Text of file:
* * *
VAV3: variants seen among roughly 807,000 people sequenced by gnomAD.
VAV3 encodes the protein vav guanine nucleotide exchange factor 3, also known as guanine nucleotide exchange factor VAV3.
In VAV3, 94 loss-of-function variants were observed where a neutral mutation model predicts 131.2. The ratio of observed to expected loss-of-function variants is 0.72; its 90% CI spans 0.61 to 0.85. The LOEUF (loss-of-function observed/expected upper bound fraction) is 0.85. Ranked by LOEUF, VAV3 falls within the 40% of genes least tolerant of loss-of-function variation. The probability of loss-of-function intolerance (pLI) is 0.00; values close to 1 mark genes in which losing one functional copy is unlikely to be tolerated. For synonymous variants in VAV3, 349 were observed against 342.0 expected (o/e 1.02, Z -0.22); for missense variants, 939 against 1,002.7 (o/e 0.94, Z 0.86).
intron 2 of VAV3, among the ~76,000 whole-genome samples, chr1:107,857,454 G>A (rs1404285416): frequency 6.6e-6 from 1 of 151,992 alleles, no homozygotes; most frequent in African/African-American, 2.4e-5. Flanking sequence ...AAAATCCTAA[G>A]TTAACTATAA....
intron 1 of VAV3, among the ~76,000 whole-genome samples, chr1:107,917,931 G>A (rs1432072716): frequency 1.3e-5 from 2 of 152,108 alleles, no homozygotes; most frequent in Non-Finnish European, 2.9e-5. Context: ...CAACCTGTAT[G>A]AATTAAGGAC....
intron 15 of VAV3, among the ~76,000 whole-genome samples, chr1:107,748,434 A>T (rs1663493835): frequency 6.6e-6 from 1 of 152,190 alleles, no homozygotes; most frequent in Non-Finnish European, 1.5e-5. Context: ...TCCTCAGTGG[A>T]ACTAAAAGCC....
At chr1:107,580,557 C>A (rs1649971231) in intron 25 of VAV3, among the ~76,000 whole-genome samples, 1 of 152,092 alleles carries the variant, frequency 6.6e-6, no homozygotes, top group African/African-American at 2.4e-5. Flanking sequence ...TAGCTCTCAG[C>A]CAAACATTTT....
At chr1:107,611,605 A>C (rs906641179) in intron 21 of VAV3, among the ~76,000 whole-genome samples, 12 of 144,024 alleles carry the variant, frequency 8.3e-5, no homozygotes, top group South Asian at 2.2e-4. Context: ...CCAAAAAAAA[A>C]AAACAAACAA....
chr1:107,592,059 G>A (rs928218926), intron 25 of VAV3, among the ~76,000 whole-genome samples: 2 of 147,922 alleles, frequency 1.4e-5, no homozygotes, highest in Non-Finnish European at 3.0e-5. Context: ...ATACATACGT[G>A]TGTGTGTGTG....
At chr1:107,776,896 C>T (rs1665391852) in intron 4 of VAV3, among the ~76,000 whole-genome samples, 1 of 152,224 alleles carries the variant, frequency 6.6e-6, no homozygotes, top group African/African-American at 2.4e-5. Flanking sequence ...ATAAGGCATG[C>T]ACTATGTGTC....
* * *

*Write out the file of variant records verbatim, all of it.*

VAV3: variants seen among roughly 807,000 people sequenced by gnomAD.
VAV3 encodes the protein vav guanine nucleotide exchange factor 3, also known as guanine nucleotide exchange factor VAV3.
In VAV3, 94 loss-of-function variants were observed where a neutral mutation model predicts 131.2. The ratio of observed to expected loss-of-function variants is 0.72; its 90% CI spans 0.61 to 0.85. The LOEUF (loss-of-function observed/expected upper bound fraction) is 0.85. Ranked by LOEUF, VAV3 falls within the 40% of genes least tolerant of loss-of-function variation. The probability of loss-of-function intolerance (pLI) is 0.00; values close to 1 mark genes in which losing one functional copy is unlikely to be tolerated. For synonymous variants in VAV3, 349 were observed against 342.0 expected (o/e 1.02, Z -0.22); for missense variants, 939 against 1,002.7 (o/e 0.94, Z 0.86).
intron 2 of VAV3, among the ~76,000 whole-genome samples, chr1:107,857,454 G>A (rs1404285416): frequency 6.6e-6 from 1 of 151,992 alleles, no homozygotes; most frequent in African/African-American, 2.4e-5. Flanking sequence ...AAAATCCTAA[G>A]TTAACTATAA....
intron 1 of VAV3, among the ~76,000 whole-genome samples, chr1:107,917,931 G>A (rs1432072716): frequency 1.3e-5 from 2 of 152,108 alleles, no homozygotes; most frequent in Non-Finnish European, 2.9e-5. Context: ...CAACCTGTAT[G>A]AATTAAGGAC....
intron 15 of VAV3, among the ~76,000 whole-genome samples, chr1:107,748,434 A>T (rs1663493835): frequency 6.6e-6 from 1 of 152,190 alleles, no homozygotes; most frequent in Non-Finnish European, 1.5e-5. Context: ...TCCTCAGTGG[A>T]ACTAAAAGCC....
At chr1:107,580,557 C>A (rs1649971231) in intron 25 of VAV3, among the ~76,000 whole-genome samples, 1 of 152,092 alleles carries the variant, frequency 6.6e-6, no homozygotes, top group African/African-American at 2.4e-5. Flanking sequence ...TAGCTCTCAG[C>A]CAAACATTTT....
At chr1:107,611,605 A>C (rs906641179) in intron 21 of VAV3, among the ~76,000 whole-genome samples, 12 of 144,024 alleles carry the variant, frequency 8.3e-5, no homozygotes, top group South Asian at 2.2e-4. Context: ...CCAAAAAAAA[A>C]AAACAAACAA....
chr1:107,592,059 G>A (rs928218926), intron 25 of VAV3, among the ~76,000 whole-genome samples: 2 of 147,922 alleles, frequency 1.4e-5, no homozygotes, highest in Non-Finnish European at 3.0e-5. Context: ...ATACATACGT[G>A]TGTGTGTGTG....
At chr1:107,776,896 C>T (rs1665391852) in intron 4 of VAV3, among the ~76,000 whole-genome samples, 1 of 152,224 alleles carries the variant, frequency 6.6e-6, no homozygotes, top group African/African-American at 2.4e-5. Flanking sequence ...ATAAGGCATG[C>T]ACTATGTGTC....